A lunch menu from the Titanic is expected to fetch $50,000 to $70,000 in an online auction slated for Sept. 30.
According to Newsweek
, the menu was saved by Abraham Lincoln Salomon, a wealthy New York businessman. He was one of five wealthy passengers and seven crew members aboard the so-called "Millionaire's Boat" or "Money Boat," which "quickly rowed away without trying to save anyone else from the sinking vessel." It could have held 40 persons total.
The menu is signed on the back by Salomon's likely lunchmate, New Yorker Isaac Gerald Frauenthal.
Dated April 14, 1912, the menu offers guests a variety of choices, including corned beef, dumplings, grilled mutton chops, Norwegian anchovies, and several different cheeses.
The menu will go up for auction with two other items from the Titanic. One is a ticket from the Titanic's opulent Turkish baths, which featured an upholstered lounge chair that could tell people their weight. That ticket is expected to sell for up to $10,000.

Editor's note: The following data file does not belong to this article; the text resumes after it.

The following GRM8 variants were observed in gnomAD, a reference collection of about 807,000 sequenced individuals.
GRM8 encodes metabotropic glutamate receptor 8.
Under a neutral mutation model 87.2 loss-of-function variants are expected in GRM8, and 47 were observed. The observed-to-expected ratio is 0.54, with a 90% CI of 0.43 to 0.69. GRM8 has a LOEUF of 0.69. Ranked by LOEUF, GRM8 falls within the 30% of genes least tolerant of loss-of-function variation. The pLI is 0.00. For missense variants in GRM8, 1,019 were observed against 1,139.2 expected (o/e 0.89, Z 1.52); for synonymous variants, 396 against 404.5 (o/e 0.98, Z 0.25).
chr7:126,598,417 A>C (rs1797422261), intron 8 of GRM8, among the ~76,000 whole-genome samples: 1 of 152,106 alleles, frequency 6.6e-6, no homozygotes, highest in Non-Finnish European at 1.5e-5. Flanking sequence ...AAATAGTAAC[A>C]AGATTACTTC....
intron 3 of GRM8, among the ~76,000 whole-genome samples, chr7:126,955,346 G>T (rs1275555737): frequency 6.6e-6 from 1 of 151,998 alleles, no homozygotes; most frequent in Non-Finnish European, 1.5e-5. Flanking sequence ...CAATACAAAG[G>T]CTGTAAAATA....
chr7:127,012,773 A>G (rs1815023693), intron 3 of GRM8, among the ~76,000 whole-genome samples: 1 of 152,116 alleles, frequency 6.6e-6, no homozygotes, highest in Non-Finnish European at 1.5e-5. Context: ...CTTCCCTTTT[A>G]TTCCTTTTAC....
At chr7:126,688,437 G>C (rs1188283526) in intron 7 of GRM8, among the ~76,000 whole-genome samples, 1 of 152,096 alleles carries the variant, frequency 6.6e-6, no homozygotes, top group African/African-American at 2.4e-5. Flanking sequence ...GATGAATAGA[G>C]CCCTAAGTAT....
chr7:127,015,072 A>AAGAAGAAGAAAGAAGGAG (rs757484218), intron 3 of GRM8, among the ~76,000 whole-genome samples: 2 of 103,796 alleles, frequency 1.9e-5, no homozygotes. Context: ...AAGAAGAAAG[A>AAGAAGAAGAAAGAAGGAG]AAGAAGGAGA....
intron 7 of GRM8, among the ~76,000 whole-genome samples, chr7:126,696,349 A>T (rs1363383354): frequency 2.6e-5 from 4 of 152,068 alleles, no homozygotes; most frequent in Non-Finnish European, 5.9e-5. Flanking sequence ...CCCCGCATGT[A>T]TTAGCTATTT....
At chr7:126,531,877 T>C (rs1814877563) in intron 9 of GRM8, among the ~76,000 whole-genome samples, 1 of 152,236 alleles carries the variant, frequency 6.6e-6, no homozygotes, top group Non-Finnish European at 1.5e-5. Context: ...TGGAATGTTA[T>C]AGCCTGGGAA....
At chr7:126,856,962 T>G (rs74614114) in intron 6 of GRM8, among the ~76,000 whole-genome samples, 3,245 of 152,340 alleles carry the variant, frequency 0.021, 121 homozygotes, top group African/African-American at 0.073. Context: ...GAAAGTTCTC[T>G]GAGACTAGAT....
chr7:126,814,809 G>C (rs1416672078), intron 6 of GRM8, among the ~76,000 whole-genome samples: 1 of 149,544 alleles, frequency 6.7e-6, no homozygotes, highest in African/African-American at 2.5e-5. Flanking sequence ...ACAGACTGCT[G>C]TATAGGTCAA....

The third Titanic artifact is a letter from Mabel Francatelli to Salomon, written on New York's Plaza Hotel stationery six months after the ship sank.
Francatelli got a seat in the "Money Boat" with her boss, aristocratic fashion designer Lucy Duff-Gordon, and her Scottish husband Lord Cosmo Duff-Gordon. It was alleged they bribed their way onto the lifeboat.
The Duff-Gordons went on to be the only survivors who testified about the disaster during the British Wreck Commissioner's inquiry.
The Associated Press reported
that the investigation determined "they did not deter the crew from attempting to rescue other people but that others might have been saved if the boat had turned around."
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